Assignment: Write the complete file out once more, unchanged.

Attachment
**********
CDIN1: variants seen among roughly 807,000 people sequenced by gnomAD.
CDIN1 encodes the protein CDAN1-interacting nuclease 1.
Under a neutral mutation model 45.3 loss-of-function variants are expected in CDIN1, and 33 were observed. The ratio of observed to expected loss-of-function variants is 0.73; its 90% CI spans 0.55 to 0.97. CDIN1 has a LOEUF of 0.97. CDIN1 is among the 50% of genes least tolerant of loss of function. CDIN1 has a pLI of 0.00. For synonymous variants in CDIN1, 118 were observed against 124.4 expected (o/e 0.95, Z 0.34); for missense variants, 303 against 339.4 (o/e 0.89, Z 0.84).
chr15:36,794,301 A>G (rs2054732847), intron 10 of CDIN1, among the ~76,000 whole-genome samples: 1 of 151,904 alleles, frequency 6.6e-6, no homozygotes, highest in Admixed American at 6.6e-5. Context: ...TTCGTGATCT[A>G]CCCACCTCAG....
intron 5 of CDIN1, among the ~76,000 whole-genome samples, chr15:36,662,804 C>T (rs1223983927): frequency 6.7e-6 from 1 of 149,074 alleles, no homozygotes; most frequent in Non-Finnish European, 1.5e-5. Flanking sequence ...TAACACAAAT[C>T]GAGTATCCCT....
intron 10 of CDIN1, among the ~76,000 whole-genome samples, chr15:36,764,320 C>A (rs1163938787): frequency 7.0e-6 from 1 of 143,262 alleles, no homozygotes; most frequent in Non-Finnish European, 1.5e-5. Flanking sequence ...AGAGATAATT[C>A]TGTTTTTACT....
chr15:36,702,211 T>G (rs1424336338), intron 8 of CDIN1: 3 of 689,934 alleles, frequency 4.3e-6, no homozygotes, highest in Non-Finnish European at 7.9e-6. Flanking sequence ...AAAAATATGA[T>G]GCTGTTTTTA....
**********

CDIN1: variants seen among roughly 807,000 people sequenced by gnomAD.
CDIN1 encodes the protein CDAN1-interacting nuclease 1.
Under a neutral mutation model 45.3 loss-of-function variants are expected in CDIN1, and 33 were observed. The ratio of observed to expected loss-of-function variants is 0.73; its 90% CI spans 0.55 to 0.97. CDIN1 has a LOEUF of 0.97. CDIN1 is among the 50% of genes least tolerant of loss of function. CDIN1 has a pLI of 0.00. For synonymous variants in CDIN1, 118 were observed against 124.4 expected (o/e 0.95, Z 0.34); for missense variants, 303 against 339.4 (o/e 0.89, Z 0.84).
chr15:36,794,301 A>G (rs2054732847), intron 10 of CDIN1, among the ~76,000 whole-genome samples: 1 of 151,904 alleles, frequency 6.6e-6, no homozygotes, highest in Admixed American at 6.6e-5. Context: ...TTCGTGATCT[A>G]CCCACCTCAG....
intron 5 of CDIN1, among the ~76,000 whole-genome samples, chr15:36,662,804 C>T (rs1223983927): frequency 6.7e-6 from 1 of 149,074 alleles, no homozygotes; most frequent in Non-Finnish European, 1.5e-5. Flanking sequence ...TAACACAAAT[C>T]GAGTATCCCT....
intron 10 of CDIN1, among the ~76,000 whole-genome samples, chr15:36,764,320 C>A (rs1163938787): frequency 7.0e-6 from 1 of 143,262 alleles, no homozygotes; most frequent in Non-Finnish European, 1.5e-5. Flanking sequence ...AGAGATAATT[C>A]TGTTTTTACT....
chr15:36,702,211 T>G (rs1424336338), intron 8 of CDIN1: 3 of 689,934 alleles, frequency 4.3e-6, no homozygotes, highest in Non-Finnish European at 7.9e-6. Flanking sequence ...AAAAATATGA[T>G]GCTGTTTTTA....